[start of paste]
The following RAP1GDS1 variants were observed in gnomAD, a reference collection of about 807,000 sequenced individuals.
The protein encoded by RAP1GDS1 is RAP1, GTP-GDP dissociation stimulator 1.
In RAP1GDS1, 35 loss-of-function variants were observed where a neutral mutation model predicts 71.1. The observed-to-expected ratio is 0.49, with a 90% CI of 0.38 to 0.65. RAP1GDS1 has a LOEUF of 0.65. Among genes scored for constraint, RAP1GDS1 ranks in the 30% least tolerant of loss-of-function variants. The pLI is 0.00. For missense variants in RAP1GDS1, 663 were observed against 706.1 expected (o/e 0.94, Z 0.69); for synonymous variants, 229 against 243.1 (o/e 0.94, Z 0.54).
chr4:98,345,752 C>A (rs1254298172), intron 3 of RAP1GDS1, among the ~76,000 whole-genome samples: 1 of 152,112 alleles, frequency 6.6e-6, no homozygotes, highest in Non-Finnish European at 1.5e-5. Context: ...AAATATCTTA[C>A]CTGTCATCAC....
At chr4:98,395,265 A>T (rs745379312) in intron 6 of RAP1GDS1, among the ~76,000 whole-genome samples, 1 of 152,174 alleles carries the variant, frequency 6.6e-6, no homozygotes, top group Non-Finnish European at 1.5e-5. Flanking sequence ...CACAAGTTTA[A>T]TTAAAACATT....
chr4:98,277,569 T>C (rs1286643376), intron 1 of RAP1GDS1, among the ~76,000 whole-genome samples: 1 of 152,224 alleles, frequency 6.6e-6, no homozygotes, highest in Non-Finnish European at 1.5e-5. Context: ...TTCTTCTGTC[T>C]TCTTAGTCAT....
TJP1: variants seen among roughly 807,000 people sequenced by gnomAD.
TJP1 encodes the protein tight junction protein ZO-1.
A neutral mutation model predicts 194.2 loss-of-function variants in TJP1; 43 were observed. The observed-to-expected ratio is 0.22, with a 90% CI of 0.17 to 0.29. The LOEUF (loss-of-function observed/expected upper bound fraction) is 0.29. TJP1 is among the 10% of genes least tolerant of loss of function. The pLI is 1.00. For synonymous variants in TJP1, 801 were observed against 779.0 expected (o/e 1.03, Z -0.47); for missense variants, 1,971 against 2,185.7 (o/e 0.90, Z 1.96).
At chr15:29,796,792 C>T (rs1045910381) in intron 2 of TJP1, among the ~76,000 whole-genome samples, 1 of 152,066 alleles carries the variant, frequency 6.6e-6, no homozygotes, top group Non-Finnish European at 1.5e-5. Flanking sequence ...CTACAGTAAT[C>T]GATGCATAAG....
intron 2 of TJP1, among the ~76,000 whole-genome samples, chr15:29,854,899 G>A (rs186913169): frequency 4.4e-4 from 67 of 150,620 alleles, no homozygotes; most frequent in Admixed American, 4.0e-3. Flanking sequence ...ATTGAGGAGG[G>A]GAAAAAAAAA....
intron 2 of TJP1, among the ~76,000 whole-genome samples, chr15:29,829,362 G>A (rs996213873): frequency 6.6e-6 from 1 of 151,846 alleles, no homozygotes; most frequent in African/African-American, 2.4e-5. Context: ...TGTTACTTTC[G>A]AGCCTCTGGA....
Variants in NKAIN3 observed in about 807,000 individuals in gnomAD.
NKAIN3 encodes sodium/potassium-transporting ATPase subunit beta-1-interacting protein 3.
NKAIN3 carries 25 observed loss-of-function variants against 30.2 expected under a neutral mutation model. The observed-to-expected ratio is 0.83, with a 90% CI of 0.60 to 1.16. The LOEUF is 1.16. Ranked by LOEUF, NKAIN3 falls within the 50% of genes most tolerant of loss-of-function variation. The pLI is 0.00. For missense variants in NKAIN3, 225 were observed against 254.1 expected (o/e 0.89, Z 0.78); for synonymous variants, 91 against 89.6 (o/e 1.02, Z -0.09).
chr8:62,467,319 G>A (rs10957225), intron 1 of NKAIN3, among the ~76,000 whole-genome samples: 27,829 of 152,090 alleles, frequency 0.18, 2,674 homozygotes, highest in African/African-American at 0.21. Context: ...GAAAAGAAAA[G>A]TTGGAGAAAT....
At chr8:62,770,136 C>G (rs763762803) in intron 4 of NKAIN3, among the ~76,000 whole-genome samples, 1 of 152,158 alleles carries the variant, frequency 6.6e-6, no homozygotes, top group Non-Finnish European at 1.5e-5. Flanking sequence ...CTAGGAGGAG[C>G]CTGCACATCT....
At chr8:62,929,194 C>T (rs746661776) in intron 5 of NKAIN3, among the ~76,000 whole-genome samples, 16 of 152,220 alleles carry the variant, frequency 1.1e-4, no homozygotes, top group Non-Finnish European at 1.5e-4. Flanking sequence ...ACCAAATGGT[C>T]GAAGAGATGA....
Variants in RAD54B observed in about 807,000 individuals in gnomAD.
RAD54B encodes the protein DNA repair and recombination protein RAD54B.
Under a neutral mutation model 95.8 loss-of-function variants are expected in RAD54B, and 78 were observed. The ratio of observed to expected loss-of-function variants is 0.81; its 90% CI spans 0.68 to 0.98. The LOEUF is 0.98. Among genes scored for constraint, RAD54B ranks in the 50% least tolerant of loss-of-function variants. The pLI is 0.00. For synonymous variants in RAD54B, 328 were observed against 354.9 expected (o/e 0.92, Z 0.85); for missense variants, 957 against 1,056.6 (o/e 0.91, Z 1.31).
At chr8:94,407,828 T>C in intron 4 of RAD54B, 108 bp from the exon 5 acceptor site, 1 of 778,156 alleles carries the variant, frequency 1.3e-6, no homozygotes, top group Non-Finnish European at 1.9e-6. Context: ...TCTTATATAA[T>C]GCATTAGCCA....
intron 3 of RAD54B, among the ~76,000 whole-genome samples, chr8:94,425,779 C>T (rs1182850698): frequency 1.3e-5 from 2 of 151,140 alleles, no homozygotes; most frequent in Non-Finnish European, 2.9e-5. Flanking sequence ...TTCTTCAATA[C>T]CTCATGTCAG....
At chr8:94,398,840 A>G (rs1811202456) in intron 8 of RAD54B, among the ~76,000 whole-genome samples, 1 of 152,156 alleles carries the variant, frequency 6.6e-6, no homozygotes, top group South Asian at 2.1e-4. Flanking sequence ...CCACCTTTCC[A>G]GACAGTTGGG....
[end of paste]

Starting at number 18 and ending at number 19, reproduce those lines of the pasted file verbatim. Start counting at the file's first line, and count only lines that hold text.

At chr8:62,929,194 C>T (rs746661776) in intron 5 of NKAIN3, among the ~76,000 whole-genome samples, 16 of 152,220 alleles carry the variant, frequency 1.1e-4, no homozygotes, top group Non-Finnish European at 1.5e-4. Flanking sequence ...ACCAAATGGT[C>T]GAAGAGATGA....
Variants in RAD54B observed in about 807,000 individuals in gnomAD.